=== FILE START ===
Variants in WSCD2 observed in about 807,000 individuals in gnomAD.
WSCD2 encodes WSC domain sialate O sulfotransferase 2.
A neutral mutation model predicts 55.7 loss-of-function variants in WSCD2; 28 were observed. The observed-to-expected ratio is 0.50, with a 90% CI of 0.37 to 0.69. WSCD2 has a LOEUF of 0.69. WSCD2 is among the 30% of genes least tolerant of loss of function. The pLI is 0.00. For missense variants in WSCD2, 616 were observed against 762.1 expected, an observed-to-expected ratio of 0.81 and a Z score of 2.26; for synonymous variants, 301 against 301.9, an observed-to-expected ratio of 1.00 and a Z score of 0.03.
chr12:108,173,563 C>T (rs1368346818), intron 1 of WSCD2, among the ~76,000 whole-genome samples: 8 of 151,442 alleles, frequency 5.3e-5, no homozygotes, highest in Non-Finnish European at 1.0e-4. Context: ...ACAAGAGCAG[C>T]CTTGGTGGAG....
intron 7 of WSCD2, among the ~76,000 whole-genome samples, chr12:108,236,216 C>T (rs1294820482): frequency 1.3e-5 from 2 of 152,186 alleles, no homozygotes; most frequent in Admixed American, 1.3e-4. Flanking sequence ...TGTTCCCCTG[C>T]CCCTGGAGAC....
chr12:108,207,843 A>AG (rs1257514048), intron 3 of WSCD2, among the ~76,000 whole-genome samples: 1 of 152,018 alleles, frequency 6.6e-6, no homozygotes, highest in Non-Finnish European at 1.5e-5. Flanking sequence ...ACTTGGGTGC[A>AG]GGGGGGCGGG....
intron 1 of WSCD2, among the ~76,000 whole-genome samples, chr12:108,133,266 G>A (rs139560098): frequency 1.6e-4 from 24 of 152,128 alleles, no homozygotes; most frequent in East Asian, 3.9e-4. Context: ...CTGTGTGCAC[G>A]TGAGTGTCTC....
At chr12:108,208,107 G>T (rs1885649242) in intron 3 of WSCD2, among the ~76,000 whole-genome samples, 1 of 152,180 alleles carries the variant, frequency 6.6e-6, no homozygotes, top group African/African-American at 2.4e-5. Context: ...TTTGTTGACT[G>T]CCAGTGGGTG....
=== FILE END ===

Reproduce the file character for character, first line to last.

Variants in WSCD2 observed in about 807,000 individuals in gnomAD.
WSCD2 encodes WSC domain sialate O sulfotransferase 2.
A neutral mutation model predicts 55.7 loss-of-function variants in WSCD2; 28 were observed. The observed-to-expected ratio is 0.50, with a 90% CI of 0.37 to 0.69. WSCD2 has a LOEUF of 0.69. WSCD2 is among the 30% of genes least tolerant of loss of function. The pLI is 0.00. For missense variants in WSCD2, 616 were observed against 762.1 expected, an observed-to-expected ratio of 0.81 and a Z score of 2.26; for synonymous variants, 301 against 301.9, an observed-to-expected ratio of 1.00 and a Z score of 0.03.
chr12:108,173,563 C>T (rs1368346818), intron 1 of WSCD2, among the ~76,000 whole-genome samples: 8 of 151,442 alleles, frequency 5.3e-5, no homozygotes, highest in Non-Finnish European at 1.0e-4. Context: ...ACAAGAGCAG[C>T]CTTGGTGGAG....
intron 7 of WSCD2, among the ~76,000 whole-genome samples, chr12:108,236,216 C>T (rs1294820482): frequency 1.3e-5 from 2 of 152,186 alleles, no homozygotes; most frequent in Admixed American, 1.3e-4. Flanking sequence ...TGTTCCCCTG[C>T]CCCTGGAGAC....
chr12:108,207,843 A>AG (rs1257514048), intron 3 of WSCD2, among the ~76,000 whole-genome samples: 1 of 152,018 alleles, frequency 6.6e-6, no homozygotes, highest in Non-Finnish European at 1.5e-5. Flanking sequence ...ACTTGGGTGC[A>AG]GGGGGGCGGG....
intron 1 of WSCD2, among the ~76,000 whole-genome samples, chr12:108,133,266 G>A (rs139560098): frequency 1.6e-4 from 24 of 152,128 alleles, no homozygotes; most frequent in East Asian, 3.9e-4. Context: ...CTGTGTGCAC[G>A]TGAGTGTCTC....
At chr12:108,208,107 G>T (rs1885649242) in intron 3 of WSCD2, among the ~76,000 whole-genome samples, 1 of 152,180 alleles carries the variant, frequency 6.6e-6, no homozygotes, top group African/African-American at 2.4e-5. Context: ...TTTGTTGACT[G>T]CCAGTGGGTG....